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Boys should be taught that crying is normal

The World Suicide Prevention day 2016 was celebrated last week across the globe under the theme: 'Connect, Communicate and Care'.

In our backyard, increasing cases of suicide are being reported in the media. It is not surprising that the major suspects in these cases are young men. Globally, it is estimated that the ratio of male to female suicide cases stands at 3:1. In fact, a meta-analysis of coping studies concluded that men were less likely than women to use every single coping skill included.

Instead, anger, violence, substance use and other externalizing behaviors are modeled for and employed by men. These statistics are startling, yet when I share them with friends and family, their response is almost universal: "I'm not surprised."
Either these folks know the data rather well or there is a widespread understanding that we are not raising boys to be as healthy as they should be.

It is time to amplify the conversation about social norms especially when dealing with masculinity and how it shapes the way we raise our boys to center on dominance, control, avoiding weaknesses and hiding emotions.

A lack of emotional coping tools in young men may make substance use more probable and addiction harder to impede. It is high time for our definition of masculinity to expand as well.

Boys should be taught that "being a man" involves expressing emotions as opposed to anger, using coping tools instead of violence, and embracing roles rather than becoming an economic provider.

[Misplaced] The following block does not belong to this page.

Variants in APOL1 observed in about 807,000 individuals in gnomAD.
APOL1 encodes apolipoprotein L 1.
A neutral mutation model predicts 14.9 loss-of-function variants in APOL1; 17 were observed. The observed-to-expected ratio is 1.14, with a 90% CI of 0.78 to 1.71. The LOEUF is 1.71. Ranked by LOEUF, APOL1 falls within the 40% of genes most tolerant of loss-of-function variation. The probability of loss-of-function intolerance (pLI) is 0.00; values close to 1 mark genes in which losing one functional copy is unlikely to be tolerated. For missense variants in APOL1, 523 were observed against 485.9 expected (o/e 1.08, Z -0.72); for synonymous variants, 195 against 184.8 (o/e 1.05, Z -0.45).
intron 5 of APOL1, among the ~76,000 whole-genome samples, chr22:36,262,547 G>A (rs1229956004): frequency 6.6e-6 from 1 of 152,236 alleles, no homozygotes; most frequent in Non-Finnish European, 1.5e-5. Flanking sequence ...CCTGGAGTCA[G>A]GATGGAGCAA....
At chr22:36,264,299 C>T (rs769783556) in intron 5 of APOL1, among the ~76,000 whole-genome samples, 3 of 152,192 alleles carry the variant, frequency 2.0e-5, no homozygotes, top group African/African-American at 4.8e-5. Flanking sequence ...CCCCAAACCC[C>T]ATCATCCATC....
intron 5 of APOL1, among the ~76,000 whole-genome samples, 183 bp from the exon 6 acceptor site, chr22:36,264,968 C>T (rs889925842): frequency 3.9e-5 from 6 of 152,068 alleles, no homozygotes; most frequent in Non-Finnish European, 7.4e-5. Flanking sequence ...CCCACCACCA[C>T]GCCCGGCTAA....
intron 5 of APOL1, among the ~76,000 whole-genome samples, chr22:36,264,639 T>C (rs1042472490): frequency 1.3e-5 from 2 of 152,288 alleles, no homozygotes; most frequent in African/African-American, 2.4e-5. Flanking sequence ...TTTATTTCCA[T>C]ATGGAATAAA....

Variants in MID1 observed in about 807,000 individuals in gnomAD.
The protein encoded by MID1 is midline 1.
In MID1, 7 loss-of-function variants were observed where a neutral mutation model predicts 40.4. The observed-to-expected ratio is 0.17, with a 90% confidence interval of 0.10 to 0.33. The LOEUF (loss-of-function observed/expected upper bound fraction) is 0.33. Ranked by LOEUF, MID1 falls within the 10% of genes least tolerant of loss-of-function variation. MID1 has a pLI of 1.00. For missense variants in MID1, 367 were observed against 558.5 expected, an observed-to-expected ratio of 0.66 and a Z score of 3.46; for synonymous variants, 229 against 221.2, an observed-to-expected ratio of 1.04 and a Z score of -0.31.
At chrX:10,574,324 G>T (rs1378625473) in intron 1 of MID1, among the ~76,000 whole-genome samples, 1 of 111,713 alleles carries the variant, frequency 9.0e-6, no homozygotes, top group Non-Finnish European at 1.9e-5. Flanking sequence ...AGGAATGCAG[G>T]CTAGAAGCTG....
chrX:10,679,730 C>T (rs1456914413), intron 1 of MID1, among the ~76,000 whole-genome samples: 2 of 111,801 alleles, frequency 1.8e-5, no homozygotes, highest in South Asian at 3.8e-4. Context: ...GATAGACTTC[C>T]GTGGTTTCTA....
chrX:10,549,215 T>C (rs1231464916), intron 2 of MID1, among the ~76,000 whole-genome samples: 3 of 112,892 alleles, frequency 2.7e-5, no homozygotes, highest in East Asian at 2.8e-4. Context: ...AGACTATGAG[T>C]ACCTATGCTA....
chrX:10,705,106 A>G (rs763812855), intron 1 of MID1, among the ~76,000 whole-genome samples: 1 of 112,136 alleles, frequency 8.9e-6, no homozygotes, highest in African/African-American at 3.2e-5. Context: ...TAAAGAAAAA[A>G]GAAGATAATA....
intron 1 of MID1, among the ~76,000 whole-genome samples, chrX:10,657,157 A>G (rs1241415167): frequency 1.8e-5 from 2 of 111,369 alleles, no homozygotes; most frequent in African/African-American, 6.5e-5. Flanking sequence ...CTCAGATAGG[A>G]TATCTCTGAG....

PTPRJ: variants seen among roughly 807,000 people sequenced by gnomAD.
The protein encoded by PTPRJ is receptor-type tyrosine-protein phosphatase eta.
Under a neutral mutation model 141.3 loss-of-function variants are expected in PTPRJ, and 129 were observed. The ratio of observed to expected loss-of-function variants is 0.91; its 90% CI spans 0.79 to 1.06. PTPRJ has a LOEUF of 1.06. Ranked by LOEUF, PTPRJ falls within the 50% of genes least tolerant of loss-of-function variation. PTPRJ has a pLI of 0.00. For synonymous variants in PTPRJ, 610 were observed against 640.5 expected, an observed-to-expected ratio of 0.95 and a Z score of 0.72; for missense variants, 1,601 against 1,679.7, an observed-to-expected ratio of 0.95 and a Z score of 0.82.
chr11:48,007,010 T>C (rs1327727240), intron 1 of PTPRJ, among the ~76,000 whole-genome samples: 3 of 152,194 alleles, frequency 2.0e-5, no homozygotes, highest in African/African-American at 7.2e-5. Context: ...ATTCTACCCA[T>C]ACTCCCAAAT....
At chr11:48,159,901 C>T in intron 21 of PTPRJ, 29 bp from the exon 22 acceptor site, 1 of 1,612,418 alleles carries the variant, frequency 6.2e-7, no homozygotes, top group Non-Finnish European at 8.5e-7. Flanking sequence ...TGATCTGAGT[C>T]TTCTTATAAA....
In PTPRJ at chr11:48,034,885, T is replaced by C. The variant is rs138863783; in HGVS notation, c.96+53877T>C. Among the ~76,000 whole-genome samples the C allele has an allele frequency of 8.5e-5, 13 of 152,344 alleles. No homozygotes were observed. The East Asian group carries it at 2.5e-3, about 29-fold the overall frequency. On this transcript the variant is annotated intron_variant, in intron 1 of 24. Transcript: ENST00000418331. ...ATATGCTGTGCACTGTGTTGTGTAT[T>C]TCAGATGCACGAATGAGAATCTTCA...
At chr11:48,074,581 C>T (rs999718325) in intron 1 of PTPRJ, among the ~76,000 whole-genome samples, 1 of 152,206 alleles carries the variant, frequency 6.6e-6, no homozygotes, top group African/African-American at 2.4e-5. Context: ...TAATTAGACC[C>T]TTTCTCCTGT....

Continuing to limit the socio-emotional development of boys may have dire consequences for our lads and even for those around them. This is further exacerbated by the fact that in our conversations and struggles for gender equality, we have not focused enough on how it affects men too.

For example, social norms research suggests that most males are mistaken about other male's attitudes and behaviors towards sex. Similarly, most males are uncomfortable with violence against women and with the attitudes, behaviors, and language of men who commit such violence.

However, men do not act on their beliefs or express discomfort because they falsely think that other men do not feel the same. Thankfully, numerous programmes are working to amplify on the definitions of manhood. Studies show that programmes that build young men's understanding of how masculine norms influence their behavior can produce healthy shifts in attitudes and behavior.

For example, through its programme 'Men speak out', Foundation for Women's Health Research and Development (Forward) seeks to scale up male engagement in ending gender-based violence. In the words of one participant, "Forward has opened my eyes as to male's role in perpetuating gender-based violence".

Hence, as more boys are able to express their emotions, empathize, and ask for help in a community that celebrates rather than bully them, I believe fewer boys (and men) will struggle with addiction, mental illness and suicide.